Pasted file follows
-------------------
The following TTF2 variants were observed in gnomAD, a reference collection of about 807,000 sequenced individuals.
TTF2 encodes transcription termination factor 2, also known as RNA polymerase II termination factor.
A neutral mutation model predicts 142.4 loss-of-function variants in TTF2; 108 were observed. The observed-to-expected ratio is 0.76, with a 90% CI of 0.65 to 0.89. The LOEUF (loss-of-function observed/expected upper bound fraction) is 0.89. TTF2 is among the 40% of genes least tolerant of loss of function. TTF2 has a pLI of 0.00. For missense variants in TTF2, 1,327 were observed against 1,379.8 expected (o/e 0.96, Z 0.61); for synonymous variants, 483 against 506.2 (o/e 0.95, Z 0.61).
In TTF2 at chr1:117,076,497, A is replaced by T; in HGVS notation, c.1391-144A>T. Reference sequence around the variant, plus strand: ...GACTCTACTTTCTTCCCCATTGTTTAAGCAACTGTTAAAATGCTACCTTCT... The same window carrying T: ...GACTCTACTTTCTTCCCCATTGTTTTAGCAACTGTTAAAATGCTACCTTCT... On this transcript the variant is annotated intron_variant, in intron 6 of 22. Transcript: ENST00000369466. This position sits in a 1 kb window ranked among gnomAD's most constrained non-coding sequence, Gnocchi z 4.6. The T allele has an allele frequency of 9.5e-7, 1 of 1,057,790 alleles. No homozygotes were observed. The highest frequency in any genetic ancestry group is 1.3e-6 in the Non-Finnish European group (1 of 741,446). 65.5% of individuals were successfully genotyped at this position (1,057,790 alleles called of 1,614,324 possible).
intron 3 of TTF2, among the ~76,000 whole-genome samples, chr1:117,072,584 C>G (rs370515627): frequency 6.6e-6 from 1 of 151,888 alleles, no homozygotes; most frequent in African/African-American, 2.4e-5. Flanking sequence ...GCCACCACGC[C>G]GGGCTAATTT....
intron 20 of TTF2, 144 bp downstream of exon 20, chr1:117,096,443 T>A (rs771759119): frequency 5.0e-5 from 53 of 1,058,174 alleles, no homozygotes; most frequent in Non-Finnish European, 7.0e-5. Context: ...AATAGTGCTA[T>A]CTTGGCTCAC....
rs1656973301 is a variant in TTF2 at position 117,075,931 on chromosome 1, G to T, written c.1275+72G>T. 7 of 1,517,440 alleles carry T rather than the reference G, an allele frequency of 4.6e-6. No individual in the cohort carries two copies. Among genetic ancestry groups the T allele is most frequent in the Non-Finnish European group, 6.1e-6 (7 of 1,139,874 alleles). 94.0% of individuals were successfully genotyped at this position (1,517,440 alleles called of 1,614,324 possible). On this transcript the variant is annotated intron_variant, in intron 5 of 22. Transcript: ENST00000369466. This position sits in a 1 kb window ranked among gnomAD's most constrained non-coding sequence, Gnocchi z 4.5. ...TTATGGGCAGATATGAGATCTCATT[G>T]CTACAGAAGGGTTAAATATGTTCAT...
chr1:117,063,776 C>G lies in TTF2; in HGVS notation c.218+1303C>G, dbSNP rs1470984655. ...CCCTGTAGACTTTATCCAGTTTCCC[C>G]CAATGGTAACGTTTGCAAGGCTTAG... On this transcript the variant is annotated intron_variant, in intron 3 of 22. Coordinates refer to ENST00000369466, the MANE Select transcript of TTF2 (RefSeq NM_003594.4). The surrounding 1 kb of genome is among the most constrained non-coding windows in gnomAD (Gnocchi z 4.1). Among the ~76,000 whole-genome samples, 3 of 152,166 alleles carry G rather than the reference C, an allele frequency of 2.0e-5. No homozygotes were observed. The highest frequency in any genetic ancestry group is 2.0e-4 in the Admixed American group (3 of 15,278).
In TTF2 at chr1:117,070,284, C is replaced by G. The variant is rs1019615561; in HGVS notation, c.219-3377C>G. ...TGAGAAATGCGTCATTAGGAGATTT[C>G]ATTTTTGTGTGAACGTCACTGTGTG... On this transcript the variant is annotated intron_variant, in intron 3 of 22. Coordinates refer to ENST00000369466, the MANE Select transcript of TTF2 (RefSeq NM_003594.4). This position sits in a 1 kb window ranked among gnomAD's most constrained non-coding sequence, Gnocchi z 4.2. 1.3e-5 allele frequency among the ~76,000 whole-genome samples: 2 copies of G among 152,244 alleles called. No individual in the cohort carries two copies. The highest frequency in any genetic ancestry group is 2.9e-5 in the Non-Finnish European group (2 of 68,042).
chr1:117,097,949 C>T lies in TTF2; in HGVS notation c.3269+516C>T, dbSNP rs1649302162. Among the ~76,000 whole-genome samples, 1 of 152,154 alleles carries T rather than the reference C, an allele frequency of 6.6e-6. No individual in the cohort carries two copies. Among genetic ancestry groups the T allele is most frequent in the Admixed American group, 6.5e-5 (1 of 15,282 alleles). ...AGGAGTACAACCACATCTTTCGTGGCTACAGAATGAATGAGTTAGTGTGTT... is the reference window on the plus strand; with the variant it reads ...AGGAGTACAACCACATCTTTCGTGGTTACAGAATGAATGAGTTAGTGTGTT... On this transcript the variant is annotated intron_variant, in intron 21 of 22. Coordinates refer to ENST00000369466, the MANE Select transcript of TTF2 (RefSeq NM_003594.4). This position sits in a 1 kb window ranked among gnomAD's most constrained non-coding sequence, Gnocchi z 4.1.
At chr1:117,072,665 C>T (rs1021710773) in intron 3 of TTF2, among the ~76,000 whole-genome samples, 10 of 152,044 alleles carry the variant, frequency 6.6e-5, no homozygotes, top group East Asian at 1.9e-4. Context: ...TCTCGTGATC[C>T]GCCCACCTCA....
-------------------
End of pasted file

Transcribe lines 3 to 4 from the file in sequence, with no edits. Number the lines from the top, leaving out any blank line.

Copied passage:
A neutral mutation model predicts 142.4 loss-of-function variants in TTF2; 108 were observed. The observed-to-expected ratio is 0.76, with a 90% CI of 0.65 to 0.89. The LOEUF (loss-of-function observed/expected upper bound fraction) is 0.89. TTF2 is among the 40% of genes least tolerant of loss of function. TTF2 has a pLI of 0.00. For missense variants in TTF2, 1,327 were observed against 1,379.8 expected (o/e 0.96, Z 0.61); for synonymous variants, 483 against 506.2 (o/e 0.95, Z 0.61).
In TTF2 at chr1:117,076,497, A is replaced by T; in HGVS notation, c.1391-144A>T. Reference sequence around the variant, plus strand: ...GACTCTACTTTCTTCCCCATTGTTTAAGCAACTGTTAAAATGCTACCTTCT... The same window carrying T: ...GACTCTACTTTCTTCCCCATTGTTTTAGCAACTGTTAAAATGCTACCTTCT... On this transcript the variant is annotated intron_variant, in intron 6 of 22. Transcript: ENST00000369466. This position sits in a 1 kb window ranked among gnomAD's most constrained non-coding sequence, Gnocchi z 4.6. The T allele has an allele frequency of 9.5e-7, 1 of 1,057,790 alleles. No homozygotes were observed. The highest frequency in any genetic ancestry group is 1.3e-6 in the Non-Finnish European group (1 of 741,446). 65.5% of individuals were successfully genotyped at this position (1,057,790 alleles called of 1,614,324 possible).